Monday, October 10, 2005

Used Books are a 2 Billion Dollar Industry

Buddy of mine has an Internet Auction Site Blog. Lot of news items for those who like to purchase stuff online. In fact it motivated him to start the site you can see advertised on my right hand column. Thanks to the Bidreaper for the heads up on this story from 28Sept2005 WWW.Boston.Com

Used Books are a 2 Billion Dollar Industry - Highlights from the article are:

- Quote (italics are mine) -

...a landmark study released Wednesday confirms what publishers, authors and booksellers have believed -- and feared -- since the rise of the Internet: Used books have become a modern powerhouse, driven by high prices for new works and by the convenience of finding any title, new or old, without leaving your home.

According to the Book Industry Study Group (BISG), used book sales topped $2.2 billion in 2004, an 11 percent increase over 2003. Much of that growth can be credited to the Internet. While used sales at traditional stores rose a modest 4.6 percent, they jumped 33 percent online, to just over $600 million.

"I think consumers are increasingly starting to notice that they can get used books in good condition, in a timely manner," says Jeff Hayes, a director at InfoTrends, a market research firm that served as the principal analyst for the BISG study.

More than 111 million used books were purchased last year, representing about one out of every 12 overall book purchases. By the end of the decade, the percentage is expected to rise to one out of 11, a troubling trend when sales for new works are essentially flat; authors and publishers receive no royalties from used buys.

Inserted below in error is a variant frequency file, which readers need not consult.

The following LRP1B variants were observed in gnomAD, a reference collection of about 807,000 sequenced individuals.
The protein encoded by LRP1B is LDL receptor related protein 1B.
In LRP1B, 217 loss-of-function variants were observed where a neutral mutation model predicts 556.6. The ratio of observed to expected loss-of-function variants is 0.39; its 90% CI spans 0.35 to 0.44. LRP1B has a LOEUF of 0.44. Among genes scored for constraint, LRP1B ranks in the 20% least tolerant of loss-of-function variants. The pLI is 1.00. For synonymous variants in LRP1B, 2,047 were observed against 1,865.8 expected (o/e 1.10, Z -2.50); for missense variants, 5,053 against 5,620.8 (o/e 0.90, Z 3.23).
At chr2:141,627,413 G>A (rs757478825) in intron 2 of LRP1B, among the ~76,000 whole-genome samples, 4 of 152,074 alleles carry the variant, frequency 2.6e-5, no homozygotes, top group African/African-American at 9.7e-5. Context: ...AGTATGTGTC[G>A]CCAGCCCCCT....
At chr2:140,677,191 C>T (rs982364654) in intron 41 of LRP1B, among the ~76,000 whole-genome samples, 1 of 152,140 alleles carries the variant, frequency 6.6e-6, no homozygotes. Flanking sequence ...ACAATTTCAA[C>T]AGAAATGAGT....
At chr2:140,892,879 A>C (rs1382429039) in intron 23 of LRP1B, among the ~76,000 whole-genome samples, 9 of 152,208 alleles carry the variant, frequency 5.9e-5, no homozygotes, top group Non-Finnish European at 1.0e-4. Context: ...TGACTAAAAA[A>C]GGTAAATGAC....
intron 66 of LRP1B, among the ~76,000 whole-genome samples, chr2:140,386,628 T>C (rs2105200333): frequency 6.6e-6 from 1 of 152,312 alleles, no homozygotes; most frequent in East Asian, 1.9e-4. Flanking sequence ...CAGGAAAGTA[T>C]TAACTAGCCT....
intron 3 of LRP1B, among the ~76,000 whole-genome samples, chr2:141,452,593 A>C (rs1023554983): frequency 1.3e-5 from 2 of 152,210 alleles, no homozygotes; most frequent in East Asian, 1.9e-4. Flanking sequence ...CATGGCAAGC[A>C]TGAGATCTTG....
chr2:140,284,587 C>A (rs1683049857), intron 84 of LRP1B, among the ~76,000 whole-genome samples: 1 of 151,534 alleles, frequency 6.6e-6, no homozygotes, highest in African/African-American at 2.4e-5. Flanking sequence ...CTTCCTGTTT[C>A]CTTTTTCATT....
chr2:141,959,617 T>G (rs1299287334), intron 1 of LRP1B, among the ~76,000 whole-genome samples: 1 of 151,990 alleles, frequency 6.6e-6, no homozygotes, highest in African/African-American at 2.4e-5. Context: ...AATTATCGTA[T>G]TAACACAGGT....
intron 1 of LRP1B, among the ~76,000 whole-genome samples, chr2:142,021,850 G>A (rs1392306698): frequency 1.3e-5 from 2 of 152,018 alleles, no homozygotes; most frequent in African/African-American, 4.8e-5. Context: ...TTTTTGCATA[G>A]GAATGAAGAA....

"Obviously, these are not statistics to warm the heart of publishers," says Simon & Schuster spokesman Adam Rothberg.

The BISG, a nonprofit organization supported by publishers, booksellers and others in the industry, reports that price is the greatest appeal for choosing used books over new ones. While hardcovers often cost $25 and higher, used books purchased in 2004 averaged $8.12 -- except for text books, which averaged $42.31.
The BISG study raises other questions, such as how publishers can respond to the used market. Jane Friedman CEO of HarperCollins rejects the idea of lowering prices, but acknowledges that she has no specific solution. "It's something we've looked at for a long time," she says.

The study also does not resolve a fundamental dispute over used books: Are they hurting the market for new books, as many publishers and authors believe? Or, as retailers say, do they simply enable customers to acquire books they otherwise wouldn't have purchased?

"But there may be an upside, because a consumer might buy a used book by a certain author, and like it enough to buy the author's next book. So at this point, the impact is hard to quantify."

prying1 sez: Thanks again to Bidreaper and especially for the story!

- Raising prices to make up for lost profits will only lead to more lost profits. These outfits like the one Jane Friedman runs ought to jump on the bandwagon instead of watching the parade go by. - Is HarperCollins any relation to Tom Collins? Might think so from her quote...